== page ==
The Biblical Role of Husbands
Study #23 Colossians 3:19
by Bob Burridge ©2023
When morally immature people are in leadership roles, they often tend to become tyrants. They think that being in charge means having the power to do whatever they want, and to get their own way. Since this neglects the real purpose of leadership, things eventually fall apart and chaos emerges instead of order.
It’s the natural way of a fallen heart to become a self-centered tyrant. But God calls leaders to responsible leadership.
Being in charge isn’t all it’s imagined to be. It’s very hard to be a good leader. The most basic place where responsible leadership is needed is in the home. It’s important to pray for our government leaders, managers where we work, and church leaders, but we also need to pray for the leaders of families.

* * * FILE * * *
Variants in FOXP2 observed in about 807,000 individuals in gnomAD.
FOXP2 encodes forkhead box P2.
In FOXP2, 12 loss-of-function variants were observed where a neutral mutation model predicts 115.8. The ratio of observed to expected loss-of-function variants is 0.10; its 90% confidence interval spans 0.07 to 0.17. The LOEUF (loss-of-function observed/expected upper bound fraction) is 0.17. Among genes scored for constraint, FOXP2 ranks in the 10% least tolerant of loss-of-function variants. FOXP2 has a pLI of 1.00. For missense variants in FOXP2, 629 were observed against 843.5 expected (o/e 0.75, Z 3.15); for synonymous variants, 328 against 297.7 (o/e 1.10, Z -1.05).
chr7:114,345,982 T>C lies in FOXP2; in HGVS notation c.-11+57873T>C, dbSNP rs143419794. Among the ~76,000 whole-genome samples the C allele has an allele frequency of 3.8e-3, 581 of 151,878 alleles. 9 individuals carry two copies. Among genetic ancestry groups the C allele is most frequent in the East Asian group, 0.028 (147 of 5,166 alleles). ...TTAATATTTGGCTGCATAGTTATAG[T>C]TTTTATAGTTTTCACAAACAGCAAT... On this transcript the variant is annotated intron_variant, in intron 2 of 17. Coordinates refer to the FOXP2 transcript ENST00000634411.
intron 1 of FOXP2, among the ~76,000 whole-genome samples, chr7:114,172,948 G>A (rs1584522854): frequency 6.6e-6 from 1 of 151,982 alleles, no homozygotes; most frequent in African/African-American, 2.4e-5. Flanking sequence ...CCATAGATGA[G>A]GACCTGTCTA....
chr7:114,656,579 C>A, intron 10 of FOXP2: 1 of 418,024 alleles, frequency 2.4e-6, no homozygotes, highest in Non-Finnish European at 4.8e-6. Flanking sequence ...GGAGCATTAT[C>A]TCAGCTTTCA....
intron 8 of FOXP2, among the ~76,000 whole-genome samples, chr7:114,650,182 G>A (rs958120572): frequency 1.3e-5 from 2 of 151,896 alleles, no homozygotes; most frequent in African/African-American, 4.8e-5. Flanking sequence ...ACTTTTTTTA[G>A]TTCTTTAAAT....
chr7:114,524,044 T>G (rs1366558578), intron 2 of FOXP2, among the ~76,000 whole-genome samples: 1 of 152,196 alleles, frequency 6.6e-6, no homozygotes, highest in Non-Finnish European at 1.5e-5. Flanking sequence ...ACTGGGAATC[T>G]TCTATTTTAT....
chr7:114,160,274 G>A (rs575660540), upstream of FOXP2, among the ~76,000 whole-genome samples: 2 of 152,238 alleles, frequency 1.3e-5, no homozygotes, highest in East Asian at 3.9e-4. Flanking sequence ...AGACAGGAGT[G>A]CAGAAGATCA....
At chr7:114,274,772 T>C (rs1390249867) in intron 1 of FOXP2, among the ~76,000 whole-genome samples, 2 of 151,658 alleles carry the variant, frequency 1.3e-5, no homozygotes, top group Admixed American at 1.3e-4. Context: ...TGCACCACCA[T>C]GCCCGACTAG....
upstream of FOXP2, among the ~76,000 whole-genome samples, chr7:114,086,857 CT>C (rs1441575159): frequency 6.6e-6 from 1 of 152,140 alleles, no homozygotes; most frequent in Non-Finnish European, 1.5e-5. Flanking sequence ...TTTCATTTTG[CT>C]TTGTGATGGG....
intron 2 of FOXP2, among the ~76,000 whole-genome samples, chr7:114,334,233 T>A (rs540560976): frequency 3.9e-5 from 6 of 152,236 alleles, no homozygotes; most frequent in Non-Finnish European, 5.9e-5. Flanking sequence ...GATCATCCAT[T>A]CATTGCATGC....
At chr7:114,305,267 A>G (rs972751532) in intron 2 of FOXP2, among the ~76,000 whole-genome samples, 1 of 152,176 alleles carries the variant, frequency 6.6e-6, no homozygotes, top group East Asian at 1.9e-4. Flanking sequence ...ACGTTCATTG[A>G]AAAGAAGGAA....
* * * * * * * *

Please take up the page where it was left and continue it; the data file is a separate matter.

This was part of the confusion that had come to the city of Colossae. Some taught that women existed only to have babies and to serve men. Females were degraded and treated as mere servants or sex objects. Men were tyrants in their homes who kept wives from realizing their potential as God had gifted them. This is a horrible distortion of the order God set up for the home.
In his letter to the Colossians Paul explained the leadership principles God gives us in his word. In the previous study, we looked at the duty of the wives in Colossians 3:18, “Wives, submit to your husbands, as is fitting in the Lord.” In Ephesians 5:22-24 Paul explained in more detail. “Wives, submit to your own husbands, as to the Lord. For the husband is the head of the wife even as Christ is the head of the church, his body, and is himself its Savior. Now as the church submits to Christ, so also wives should submit in everything to their husbands.” God assigned men the role of headship in the home to model the headship of Christ over his church.